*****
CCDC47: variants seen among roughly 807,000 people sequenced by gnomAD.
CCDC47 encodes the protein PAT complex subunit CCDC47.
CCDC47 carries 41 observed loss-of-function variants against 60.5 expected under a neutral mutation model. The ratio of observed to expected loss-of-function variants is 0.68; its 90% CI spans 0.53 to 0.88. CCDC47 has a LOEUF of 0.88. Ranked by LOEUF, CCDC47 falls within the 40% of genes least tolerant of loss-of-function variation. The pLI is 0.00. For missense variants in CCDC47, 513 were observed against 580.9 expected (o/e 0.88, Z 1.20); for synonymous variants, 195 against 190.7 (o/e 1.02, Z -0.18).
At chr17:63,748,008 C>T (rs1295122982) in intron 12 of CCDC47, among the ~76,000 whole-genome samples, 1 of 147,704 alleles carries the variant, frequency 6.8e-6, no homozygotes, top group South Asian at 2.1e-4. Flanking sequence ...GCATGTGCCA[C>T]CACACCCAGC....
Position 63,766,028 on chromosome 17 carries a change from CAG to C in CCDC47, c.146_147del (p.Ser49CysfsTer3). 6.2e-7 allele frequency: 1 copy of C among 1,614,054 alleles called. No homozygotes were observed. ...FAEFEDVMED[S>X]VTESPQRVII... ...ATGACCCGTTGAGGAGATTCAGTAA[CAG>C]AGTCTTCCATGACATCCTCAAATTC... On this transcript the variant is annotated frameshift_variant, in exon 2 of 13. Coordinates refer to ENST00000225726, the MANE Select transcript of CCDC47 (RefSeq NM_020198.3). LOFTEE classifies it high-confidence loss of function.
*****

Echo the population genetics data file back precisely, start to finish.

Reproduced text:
CCDC47: variants seen among roughly 807,000 people sequenced by gnomAD.
CCDC47 encodes the protein PAT complex subunit CCDC47.
CCDC47 carries 41 observed loss-of-function variants against 60.5 expected under a neutral mutation model. The ratio of observed to expected loss-of-function variants is 0.68; its 90% CI spans 0.53 to 0.88. CCDC47 has a LOEUF of 0.88. Ranked by LOEUF, CCDC47 falls within the 40% of genes least tolerant of loss-of-function variation. The pLI is 0.00. For missense variants in CCDC47, 513 were observed against 580.9 expected (o/e 0.88, Z 1.20); for synonymous variants, 195 against 190.7 (o/e 1.02, Z -0.18).
At chr17:63,748,008 C>T (rs1295122982) in intron 12 of CCDC47, among the ~76,000 whole-genome samples, 1 of 147,704 alleles carries the variant, frequency 6.8e-6, no homozygotes, top group South Asian at 2.1e-4. Flanking sequence ...GCATGTGCCA[C>T]CACACCCAGC....
Position 63,766,028 on chromosome 17 carries a change from CAG to C in CCDC47, c.146_147del (p.Ser49CysfsTer3). 6.2e-7 allele frequency: 1 copy of C among 1,614,054 alleles called. No homozygotes were observed. ...FAEFEDVMED[S>X]VTESPQRVII... ...ATGACCCGTTGAGGAGATTCAGTAA[CAG>C]AGTCTTCCATGACATCCTCAAATTC... On this transcript the variant is annotated frameshift_variant, in exon 2 of 13. Coordinates refer to ENST00000225726, the MANE Select transcript of CCDC47 (RefSeq NM_020198.3). LOFTEE classifies it high-confidence loss of function.